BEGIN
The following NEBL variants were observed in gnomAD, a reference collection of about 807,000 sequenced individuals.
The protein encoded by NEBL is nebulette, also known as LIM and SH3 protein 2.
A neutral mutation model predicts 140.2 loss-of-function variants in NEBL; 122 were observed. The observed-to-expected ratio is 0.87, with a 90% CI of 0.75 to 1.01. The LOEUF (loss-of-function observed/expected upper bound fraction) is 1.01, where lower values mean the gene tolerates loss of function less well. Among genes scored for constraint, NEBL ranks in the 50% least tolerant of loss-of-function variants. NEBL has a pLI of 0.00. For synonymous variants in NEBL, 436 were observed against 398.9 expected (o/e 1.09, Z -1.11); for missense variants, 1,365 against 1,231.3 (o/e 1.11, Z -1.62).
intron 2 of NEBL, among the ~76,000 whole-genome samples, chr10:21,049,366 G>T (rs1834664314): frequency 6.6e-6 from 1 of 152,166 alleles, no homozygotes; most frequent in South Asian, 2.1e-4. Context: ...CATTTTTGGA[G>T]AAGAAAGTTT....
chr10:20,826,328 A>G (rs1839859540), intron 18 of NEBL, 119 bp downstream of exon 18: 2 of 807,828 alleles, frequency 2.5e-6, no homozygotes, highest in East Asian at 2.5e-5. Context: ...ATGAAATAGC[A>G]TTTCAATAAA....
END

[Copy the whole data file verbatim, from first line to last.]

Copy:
The following NEBL variants were observed in gnomAD, a reference collection of about 807,000 sequenced individuals.
The protein encoded by NEBL is nebulette, also known as LIM and SH3 protein 2.
A neutral mutation model predicts 140.2 loss-of-function variants in NEBL; 122 were observed. The observed-to-expected ratio is 0.87, with a 90% CI of 0.75 to 1.01. The LOEUF (loss-of-function observed/expected upper bound fraction) is 1.01, where lower values mean the gene tolerates loss of function less well. Among genes scored for constraint, NEBL ranks in the 50% least tolerant of loss-of-function variants. NEBL has a pLI of 0.00. For synonymous variants in NEBL, 436 were observed against 398.9 expected (o/e 1.09, Z -1.11); for missense variants, 1,365 against 1,231.3 (o/e 1.11, Z -1.62).
intron 2 of NEBL, among the ~76,000 whole-genome samples, chr10:21,049,366 G>T (rs1834664314): frequency 6.6e-6 from 1 of 152,166 alleles, no homozygotes; most frequent in South Asian, 2.1e-4. Context: ...CATTTTTGGA[G>T]AAGAAAGTTT....
chr10:20,826,328 A>G (rs1839859540), intron 18 of NEBL, 119 bp downstream of exon 18: 2 of 807,828 alleles, frequency 2.5e-6, no homozygotes, highest in East Asian at 2.5e-5. Context: ...ATGAAATAGC[A>G]TTTCAATAAA....